Honor DVAM by Educating Your Church


This is Part 3 of my series on how to honor Domestic Violence Awareness Month. One great way to further domestic violence awareness is in your church, with your pastor and elders (lay leaders of the church).

Most people have very little education about domestic violence, and this is true of your church leaders as well. Many Christians erroneously believe domestic violence doesn’t happen in the church. Sadly, the statistics for DV are no better among churchgoers (a fact supported by research, studies, and statistics in No Place for Abuse: Biblical and Practical Resources to Counteract Domestic Violence, by Nancy Nason-Clark and Catherine Clark Kroeger). Because your pastor may wrongly believe domestic violence isn’t happening in your church, s/he may not feel the need to be educated about it.

A DV victim will likely not go to their pastor for help if they feel the pastor won’t be sympathetic toward them, or they may wait until their life is in serious danger. (Tweet This) If they DO eventually go to their pastor, and the pastor is uneducated about DV, the pastor will often tell a woman to “submit more” to her husband. This is dangerous advice, as it gives her abusive husband validation for his abusive behavior, putting her at even greater risk.

This is where you come in.

You can be a catalyst for change in your church, with your pastor and elders. Your church leaders will more likely listen to you than to someone outside your church, such as a DV advocate from a crisis center. You can encourage your leaders to become educated about DV by:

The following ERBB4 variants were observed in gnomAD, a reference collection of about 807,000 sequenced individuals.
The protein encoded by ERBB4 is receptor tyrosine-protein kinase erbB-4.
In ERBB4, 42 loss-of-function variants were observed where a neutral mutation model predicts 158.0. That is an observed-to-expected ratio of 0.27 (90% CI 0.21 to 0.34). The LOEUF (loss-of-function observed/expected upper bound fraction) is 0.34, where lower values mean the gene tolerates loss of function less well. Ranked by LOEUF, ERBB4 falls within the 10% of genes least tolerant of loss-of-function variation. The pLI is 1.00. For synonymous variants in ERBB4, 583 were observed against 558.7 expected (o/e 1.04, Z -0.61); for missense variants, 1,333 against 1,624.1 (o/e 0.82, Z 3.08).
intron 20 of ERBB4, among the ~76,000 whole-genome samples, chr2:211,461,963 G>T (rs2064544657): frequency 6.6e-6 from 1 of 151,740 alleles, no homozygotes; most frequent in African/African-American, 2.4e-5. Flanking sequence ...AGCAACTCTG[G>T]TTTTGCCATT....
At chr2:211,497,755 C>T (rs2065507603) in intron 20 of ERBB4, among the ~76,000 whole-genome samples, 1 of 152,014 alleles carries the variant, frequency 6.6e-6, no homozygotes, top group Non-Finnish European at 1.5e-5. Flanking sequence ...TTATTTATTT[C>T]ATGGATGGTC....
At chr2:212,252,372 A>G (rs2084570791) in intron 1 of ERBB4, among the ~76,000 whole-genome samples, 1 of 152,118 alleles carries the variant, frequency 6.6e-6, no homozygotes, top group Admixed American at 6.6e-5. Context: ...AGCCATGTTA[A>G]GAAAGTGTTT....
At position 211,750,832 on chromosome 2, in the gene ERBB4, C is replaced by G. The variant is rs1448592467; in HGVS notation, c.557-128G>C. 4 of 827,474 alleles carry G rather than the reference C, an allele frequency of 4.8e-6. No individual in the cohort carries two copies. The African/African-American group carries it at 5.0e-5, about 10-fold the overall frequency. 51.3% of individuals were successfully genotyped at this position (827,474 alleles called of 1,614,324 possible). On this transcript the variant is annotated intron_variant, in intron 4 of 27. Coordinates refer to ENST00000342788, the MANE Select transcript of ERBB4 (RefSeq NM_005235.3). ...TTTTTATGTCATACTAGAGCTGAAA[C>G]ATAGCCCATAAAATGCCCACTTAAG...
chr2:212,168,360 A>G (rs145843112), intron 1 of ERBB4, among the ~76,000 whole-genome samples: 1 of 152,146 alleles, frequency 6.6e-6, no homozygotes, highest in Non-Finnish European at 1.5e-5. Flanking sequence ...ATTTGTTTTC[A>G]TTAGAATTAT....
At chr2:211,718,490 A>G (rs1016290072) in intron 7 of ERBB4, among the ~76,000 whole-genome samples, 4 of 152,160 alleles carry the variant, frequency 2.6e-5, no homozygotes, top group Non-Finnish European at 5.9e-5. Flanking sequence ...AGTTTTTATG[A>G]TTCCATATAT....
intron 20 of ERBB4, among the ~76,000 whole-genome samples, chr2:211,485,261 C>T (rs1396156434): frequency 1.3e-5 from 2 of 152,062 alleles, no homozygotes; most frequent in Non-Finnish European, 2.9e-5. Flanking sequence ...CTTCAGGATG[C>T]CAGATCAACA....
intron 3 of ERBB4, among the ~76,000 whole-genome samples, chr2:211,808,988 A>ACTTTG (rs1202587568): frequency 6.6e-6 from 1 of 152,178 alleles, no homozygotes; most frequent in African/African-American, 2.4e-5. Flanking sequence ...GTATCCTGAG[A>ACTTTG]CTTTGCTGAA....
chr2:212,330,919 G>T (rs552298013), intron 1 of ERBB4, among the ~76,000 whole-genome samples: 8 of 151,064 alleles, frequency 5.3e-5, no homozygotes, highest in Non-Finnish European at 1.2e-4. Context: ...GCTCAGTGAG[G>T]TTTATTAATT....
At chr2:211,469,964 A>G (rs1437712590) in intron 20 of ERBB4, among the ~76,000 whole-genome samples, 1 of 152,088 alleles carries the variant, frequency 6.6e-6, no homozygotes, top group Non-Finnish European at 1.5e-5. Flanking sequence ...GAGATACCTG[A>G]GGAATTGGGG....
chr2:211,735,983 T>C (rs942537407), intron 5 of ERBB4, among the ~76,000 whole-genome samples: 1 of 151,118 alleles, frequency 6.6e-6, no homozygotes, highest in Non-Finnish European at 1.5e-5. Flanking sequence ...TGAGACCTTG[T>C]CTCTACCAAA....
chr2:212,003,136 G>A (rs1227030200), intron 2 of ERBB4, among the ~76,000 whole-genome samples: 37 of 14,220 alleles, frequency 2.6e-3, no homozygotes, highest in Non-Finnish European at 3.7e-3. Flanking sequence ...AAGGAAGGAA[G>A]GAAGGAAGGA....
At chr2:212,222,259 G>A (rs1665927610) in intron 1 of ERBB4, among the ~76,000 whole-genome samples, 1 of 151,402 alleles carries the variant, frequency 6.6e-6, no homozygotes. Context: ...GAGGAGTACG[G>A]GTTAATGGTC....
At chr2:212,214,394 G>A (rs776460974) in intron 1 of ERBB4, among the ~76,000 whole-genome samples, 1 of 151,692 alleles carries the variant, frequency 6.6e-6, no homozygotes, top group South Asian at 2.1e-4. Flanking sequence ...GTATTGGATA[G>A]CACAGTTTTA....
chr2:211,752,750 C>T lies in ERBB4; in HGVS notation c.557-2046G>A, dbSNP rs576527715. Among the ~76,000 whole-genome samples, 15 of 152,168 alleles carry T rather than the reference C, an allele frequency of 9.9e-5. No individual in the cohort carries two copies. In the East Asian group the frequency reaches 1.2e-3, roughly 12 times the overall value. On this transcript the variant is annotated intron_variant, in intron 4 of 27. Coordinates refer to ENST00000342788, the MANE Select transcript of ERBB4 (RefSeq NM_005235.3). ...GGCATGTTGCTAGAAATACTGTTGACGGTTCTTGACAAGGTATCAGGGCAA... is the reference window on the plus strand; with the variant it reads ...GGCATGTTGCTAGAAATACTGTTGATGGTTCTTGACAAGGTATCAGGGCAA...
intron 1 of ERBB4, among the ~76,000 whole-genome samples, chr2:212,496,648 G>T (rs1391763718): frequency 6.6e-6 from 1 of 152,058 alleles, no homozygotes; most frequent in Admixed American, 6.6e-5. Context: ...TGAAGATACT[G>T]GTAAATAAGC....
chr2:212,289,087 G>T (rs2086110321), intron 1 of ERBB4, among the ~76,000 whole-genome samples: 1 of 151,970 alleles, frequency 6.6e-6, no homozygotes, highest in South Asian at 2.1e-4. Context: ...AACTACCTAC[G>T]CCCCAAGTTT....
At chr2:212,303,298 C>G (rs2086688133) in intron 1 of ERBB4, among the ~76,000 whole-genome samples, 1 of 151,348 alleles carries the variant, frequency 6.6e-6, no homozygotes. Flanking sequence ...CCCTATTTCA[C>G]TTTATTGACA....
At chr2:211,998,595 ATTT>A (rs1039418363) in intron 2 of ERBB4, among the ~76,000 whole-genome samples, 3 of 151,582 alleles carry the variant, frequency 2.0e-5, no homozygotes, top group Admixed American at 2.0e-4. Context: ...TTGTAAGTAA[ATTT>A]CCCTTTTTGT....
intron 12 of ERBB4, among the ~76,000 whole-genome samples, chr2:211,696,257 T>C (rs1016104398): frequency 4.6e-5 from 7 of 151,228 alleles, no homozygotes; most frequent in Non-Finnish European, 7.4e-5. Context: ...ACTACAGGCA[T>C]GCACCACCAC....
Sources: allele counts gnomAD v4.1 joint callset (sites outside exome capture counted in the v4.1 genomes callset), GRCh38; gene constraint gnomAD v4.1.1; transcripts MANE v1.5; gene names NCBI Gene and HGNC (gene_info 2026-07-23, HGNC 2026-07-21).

• Reading books about domestic violence (See a list of books on my Get Help page)
  • Taking a class on DV at your local women’s crisis center, or even better
  • Offer a class to your leadership and congregation at your church
  • Check out my Domestic Violence Guide for Churches. This guide teaches church leaders about the dynamics of DV and educates them on how to help those who experience it. Click here to preview it.

Many crisis centers will send domestic violence advocates at no charge to give a presentation about DV.

In addition, you can encourage your pastor to:

  • Talk about DV from the pulpit
  • Give practical sermons that talk about relationships, and talk about mutual submission, not one person submitting to the other
  • Display DV materials around the church. One great place for these is in the women’s bathroom, where a woman can look them over without her abusive partner watching her.

If your church leadership becomes educated about DV, offers classes at the church, talks about it from the pulpit, and displays DV materials around the church, DV victims will be much more likely to go to your pastor for help. And when they do, they will much more likely receive information that could save their lives.

Once our churches become havens of safety for DV victims, we can follow God’s lead:

A father to the fatherless, a defender of widows,
    is God in his holy dwelling. (Psalm 68:5) 


The Lord watches over the foreigner
    and sustains the fatherless and the widow,
    but he frustrates the ways of the wicked. (Psalm 146:9).

May He continue to bless you.



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